The art of the sale – and diplomacy

Masako Takahashi, Marjorie Madfis and Akie Abe at Girl Again. Photograph by Georgette Gouveia.
A visit by Akie Abe, first lady of Japan, draws attention to job training for those on the autism spectrum at Girl Again in White Plains.

The most unusual doll shop in White Plains had a most unusual visitor recently — Akie Abe, the first lady of Japan.

Abe (AH bay), wife of Prime Minister Shinzō Abe, was accompanied by Masako Takahashi — wife of Reiichiro Takahashi, the consul general of Japan in New York — along with members of the consulate and a security detail, as she toured Girl Again, a cozy, pastel-colored 750-square-foot space that sells donated, slightly used, reconditioned American Girl dolls.

But, as WAG discovered when we first wrote about the shop in March of last year, sales are not really the point. The shop — an arm of the nonprofit Yes We Can, founded by former IBM-er Marjorie Madfis — is really an opportunity for young women on the autism spectrum to acquire job skills as they learn how to rehabilitate, price, display, inventory and sell the dolls. Among the staffers whom Abe and Takahashi met were Maki, an American of Japanese descent who earned a degree from Manhattanville College in Purchase and Madfis’ daughter, Isabelle, who said, “What girl doesn’t dream of growing up to be a (doll) hairdresser at American Girl?” (The doll manufacturer is not affiliated with Yes We Can.)

The convent-school-educated Abe, who worked in advertising and as a disc jockey in Japan, has earned a reputation as an outspoken champion of minorities, including the LGBTQ community and those on the autism spectrum. (She appeared at a 2016 benefit for Autism Speaks, a leading advocacy organization.) 

“One of our customers is an attaché at the Japanese consulate in Manhattan and knew Mrs. Abe had an interest in disabilities and autism,” Madfis said. 

Soon Masako Takahashi was visiting with members of the consulate to prepare for Abe’s visit. On the big day, Abe leaned in, listening intently as Girl Again staffers described their duties. This was important as those on the autism spectrum, hyper-focused on routine, often have trouble interacting with others or adjusting to change.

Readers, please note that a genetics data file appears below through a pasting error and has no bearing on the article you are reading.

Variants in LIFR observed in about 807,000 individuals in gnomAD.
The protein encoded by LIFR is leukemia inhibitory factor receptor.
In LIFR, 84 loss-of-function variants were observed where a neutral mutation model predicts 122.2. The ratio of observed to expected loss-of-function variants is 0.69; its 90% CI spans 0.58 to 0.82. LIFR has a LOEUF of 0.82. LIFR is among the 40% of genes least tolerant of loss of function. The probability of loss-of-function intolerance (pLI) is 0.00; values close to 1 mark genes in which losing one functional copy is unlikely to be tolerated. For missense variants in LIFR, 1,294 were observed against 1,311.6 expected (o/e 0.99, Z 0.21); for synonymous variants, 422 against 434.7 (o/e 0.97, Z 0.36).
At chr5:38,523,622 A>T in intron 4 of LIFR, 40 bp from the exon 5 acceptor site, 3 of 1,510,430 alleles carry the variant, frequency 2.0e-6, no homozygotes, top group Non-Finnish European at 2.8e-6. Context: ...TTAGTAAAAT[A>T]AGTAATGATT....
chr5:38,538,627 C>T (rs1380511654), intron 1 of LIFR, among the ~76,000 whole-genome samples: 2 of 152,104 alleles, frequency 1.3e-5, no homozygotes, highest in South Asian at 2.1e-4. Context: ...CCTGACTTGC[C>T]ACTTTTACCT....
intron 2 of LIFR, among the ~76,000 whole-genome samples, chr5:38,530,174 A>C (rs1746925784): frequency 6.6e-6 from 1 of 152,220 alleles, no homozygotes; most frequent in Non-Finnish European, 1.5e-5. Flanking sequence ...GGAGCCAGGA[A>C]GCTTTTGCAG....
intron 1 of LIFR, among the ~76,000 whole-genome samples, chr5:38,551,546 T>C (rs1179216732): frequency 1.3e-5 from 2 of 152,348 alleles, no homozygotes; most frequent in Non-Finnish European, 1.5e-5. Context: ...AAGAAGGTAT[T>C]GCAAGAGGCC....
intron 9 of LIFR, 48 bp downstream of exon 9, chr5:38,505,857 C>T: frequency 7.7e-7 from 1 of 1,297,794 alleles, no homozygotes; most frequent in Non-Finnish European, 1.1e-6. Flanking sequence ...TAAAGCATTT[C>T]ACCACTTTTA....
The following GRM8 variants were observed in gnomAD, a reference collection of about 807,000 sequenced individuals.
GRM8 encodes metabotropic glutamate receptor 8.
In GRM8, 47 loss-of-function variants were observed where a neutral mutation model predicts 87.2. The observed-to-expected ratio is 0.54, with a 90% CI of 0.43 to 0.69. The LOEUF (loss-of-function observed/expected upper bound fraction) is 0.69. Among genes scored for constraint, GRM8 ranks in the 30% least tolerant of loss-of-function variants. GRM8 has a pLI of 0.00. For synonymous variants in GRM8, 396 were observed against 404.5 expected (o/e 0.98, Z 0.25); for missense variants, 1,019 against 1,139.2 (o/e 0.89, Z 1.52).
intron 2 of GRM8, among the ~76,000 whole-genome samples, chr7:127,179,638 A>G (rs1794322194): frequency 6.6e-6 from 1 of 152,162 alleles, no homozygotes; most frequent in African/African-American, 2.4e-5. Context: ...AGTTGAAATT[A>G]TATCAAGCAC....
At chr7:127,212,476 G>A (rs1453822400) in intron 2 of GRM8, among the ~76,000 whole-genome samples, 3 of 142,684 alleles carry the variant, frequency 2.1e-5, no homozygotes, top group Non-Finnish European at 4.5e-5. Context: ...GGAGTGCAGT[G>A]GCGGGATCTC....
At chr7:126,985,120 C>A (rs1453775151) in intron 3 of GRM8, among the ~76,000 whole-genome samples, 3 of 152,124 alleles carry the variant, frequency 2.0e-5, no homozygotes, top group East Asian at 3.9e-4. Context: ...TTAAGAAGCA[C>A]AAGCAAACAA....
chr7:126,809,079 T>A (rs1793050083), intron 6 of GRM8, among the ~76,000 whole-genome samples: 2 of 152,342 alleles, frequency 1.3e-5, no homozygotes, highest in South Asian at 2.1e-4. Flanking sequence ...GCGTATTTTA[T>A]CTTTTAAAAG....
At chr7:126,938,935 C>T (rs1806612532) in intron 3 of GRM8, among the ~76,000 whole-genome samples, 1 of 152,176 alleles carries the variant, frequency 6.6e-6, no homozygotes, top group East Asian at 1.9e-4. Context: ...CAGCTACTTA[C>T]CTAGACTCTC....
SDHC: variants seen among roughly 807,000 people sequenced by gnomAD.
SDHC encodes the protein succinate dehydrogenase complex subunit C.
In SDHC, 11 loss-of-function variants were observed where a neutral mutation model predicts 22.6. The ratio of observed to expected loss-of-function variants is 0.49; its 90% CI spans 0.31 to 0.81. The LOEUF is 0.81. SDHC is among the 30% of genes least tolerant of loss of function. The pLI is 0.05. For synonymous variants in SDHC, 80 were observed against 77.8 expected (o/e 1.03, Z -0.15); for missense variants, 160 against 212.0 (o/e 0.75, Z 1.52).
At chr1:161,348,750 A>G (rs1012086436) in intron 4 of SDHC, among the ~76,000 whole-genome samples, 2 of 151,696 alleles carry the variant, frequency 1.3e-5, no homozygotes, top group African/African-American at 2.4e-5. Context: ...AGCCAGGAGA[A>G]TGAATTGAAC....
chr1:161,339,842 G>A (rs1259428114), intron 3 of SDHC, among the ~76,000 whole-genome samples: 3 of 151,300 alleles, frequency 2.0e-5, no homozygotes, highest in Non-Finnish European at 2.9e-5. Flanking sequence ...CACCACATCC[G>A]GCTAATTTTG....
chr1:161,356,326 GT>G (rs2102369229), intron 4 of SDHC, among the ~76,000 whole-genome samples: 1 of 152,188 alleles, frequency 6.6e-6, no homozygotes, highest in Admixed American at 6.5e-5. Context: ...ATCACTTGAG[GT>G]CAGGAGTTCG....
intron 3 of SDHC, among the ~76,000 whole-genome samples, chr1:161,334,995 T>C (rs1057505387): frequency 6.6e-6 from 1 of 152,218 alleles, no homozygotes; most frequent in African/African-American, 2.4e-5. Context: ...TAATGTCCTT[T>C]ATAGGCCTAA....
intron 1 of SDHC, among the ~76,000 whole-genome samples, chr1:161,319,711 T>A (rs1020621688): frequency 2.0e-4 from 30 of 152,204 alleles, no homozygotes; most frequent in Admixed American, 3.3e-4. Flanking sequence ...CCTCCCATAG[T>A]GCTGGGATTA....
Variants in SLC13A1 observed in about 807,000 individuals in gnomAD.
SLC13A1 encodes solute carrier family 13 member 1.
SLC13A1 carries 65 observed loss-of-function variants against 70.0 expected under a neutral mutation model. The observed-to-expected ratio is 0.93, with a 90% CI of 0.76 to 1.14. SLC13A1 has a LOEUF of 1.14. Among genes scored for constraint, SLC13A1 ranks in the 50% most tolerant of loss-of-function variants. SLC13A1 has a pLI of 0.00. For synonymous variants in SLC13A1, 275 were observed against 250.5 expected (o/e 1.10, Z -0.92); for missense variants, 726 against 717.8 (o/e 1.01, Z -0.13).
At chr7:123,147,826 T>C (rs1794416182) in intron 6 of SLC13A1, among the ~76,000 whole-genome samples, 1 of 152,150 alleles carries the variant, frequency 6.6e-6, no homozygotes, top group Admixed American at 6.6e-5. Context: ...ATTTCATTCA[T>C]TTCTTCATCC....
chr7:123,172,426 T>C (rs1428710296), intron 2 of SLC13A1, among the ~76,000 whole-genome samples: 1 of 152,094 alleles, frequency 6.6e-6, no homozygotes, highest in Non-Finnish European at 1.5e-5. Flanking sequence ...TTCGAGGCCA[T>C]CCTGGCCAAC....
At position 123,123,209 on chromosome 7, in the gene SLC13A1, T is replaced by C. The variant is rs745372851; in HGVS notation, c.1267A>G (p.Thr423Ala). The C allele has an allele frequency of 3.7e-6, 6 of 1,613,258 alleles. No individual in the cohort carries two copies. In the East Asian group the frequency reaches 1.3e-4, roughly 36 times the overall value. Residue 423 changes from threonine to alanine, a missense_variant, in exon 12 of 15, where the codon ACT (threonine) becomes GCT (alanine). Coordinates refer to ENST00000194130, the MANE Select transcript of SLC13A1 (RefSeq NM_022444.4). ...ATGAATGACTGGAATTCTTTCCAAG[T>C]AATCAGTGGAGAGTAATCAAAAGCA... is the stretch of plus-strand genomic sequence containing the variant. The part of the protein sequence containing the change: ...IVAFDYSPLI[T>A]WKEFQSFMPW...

“It’s this whole challenge of understanding the perspective of another,” Madfis said. “They can commit — and are afraid of committing — faux pas as they miss (social) cues.”

But there was no need to worry on this particular day. Abe and a beaming Takahashi were all graciousness as they had a private chat with Madfis about the intensity of training people on the autism spectrum and the challenge of integrating them more fully into the workplace.

Abe even purchased one of the dolls, which, along with companion books, are designed to teach 8- to 11-year-olds history and civics. The story arc of Abe’s purchase — Jess, the Girl of the Year doll in 2006 — is that of a girl of Japanese-Scottish descent who learns about environmental issues.

What Madfis hopes the world will learn from this diplomatic visit and the organization is that while not all with autism are Temple Grandin, who became a professor of animal science, they’re not necessarily Rain Man either.

“It’s a spectrum,” she said, one that includes people capable of work.

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